Located in Carlton House Gardens, the new Institute of Government is clearly not short of money. Is this the British Brookings that many people have called for:
It's a cross-party body concerned with evidence-based work on the effectiveness of government. Transitions of government is one interest. The executive durector is former top mandarin, Sir Michael Bichard.
An early report has some interesting and relevant things to say on the core executive. Despite the popular belief that British government is highly centralised, the three departments at the centre - Number 10, the Treasury and the Cabinet Office 'actually have less power over people and budgets, and fewer sanctions to apply than many of their international counterparts.'
This is an issue that is known to concern Dave Cameron and the Conservatives have signalled that they intend to create a 'power house' at the centre of government. Unfortunately, we have heard this before, not least from Harold Wilson. Margaret Thatcher did exert a grip on government through force of personality rather than new structures, but she lost that grip as she surrounded herself with courtiers who would not challenge her.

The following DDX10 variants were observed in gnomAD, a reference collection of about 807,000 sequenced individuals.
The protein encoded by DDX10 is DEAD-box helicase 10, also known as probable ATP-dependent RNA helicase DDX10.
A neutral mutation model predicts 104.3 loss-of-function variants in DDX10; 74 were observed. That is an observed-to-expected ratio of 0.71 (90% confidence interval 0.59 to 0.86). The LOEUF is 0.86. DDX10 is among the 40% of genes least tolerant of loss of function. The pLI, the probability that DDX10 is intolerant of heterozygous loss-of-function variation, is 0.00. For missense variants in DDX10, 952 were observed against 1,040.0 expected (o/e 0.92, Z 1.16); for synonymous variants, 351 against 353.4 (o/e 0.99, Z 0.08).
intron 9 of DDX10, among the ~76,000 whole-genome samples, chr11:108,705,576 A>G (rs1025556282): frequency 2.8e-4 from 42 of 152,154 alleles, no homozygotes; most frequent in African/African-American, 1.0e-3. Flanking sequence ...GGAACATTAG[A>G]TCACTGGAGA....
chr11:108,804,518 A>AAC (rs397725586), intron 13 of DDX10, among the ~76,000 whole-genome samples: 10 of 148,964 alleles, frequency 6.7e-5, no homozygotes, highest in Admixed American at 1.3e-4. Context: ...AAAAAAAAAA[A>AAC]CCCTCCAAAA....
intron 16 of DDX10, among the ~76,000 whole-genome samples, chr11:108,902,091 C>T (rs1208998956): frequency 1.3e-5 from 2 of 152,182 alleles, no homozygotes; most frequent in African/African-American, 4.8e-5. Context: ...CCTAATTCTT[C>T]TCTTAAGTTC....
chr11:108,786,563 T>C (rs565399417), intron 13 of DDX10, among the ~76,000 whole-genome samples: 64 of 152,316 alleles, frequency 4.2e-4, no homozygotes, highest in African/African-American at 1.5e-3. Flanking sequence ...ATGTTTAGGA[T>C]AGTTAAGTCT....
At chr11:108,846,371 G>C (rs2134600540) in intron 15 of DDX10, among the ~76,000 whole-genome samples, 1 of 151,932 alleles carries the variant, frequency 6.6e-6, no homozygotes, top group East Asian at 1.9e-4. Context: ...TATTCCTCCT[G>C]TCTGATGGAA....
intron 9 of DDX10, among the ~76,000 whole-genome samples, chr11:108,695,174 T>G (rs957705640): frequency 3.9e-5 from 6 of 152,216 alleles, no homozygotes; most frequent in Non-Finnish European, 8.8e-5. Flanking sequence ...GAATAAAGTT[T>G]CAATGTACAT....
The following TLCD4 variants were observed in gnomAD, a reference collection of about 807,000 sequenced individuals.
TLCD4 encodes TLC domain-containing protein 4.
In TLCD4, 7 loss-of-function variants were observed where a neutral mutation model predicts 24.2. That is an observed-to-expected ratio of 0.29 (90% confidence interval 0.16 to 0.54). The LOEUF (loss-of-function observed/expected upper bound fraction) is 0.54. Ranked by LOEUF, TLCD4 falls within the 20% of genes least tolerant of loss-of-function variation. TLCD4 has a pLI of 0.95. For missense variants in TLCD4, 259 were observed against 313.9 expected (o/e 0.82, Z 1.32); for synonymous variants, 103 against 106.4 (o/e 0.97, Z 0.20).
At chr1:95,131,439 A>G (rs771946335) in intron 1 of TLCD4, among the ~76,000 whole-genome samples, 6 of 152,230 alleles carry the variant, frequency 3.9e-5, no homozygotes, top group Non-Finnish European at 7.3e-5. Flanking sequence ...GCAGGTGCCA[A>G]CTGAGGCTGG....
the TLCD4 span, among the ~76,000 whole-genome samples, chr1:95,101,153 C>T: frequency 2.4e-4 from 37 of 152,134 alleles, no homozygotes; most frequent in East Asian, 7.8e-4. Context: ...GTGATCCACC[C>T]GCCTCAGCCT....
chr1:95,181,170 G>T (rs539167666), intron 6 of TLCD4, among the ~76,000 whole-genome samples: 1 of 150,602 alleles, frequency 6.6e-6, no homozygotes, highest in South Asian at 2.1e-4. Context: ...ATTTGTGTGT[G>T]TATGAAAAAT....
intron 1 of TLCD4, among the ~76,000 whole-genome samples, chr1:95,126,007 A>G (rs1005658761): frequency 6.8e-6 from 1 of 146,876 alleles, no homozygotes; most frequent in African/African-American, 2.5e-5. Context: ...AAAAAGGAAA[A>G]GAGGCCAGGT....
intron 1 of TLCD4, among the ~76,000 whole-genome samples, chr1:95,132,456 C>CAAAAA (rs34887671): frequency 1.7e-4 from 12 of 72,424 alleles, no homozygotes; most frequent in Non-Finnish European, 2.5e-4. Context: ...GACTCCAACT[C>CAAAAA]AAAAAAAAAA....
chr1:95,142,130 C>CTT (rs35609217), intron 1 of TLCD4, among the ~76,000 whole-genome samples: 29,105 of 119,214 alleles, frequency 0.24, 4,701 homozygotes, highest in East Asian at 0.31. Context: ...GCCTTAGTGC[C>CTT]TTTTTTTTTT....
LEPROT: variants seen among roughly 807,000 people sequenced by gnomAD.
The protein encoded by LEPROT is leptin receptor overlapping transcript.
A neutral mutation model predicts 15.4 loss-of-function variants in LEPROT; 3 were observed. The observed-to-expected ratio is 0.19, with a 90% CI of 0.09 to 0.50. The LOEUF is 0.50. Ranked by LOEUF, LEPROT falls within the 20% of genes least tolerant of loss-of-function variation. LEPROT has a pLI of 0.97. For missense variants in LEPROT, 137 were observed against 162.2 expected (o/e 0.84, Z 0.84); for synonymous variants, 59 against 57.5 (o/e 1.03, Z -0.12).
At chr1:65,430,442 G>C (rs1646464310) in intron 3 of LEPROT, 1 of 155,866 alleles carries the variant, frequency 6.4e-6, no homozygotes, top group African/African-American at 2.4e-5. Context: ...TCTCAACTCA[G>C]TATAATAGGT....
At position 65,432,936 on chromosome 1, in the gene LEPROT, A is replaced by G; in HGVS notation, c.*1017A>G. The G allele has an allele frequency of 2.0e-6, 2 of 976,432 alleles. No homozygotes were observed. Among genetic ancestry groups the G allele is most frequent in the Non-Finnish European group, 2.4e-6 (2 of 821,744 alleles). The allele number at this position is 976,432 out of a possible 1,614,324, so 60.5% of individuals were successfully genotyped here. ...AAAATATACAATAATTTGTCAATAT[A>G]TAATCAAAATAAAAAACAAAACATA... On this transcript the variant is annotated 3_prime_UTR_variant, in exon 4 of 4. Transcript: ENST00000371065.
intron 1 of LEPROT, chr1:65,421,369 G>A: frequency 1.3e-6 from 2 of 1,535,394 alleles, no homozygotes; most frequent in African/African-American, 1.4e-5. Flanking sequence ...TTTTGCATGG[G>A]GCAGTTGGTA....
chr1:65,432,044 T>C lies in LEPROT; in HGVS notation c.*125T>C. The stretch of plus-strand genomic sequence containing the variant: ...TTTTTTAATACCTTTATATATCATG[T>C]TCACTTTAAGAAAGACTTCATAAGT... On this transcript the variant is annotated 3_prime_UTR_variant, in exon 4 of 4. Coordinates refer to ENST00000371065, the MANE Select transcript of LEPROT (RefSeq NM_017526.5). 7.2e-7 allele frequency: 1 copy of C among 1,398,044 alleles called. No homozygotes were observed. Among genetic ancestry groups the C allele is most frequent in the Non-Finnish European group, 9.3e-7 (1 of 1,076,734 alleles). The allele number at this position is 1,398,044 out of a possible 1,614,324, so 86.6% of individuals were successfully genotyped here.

Sir Michael commented that a small centre had some advantages: 'It avoids bureaucracy and second-guessing. But there are questions to be asked about whether the UK's centre of government has the power and authority to set a clear strategic direction for government as a whole.' These are, indeed, important questions that need to be asked and pursued.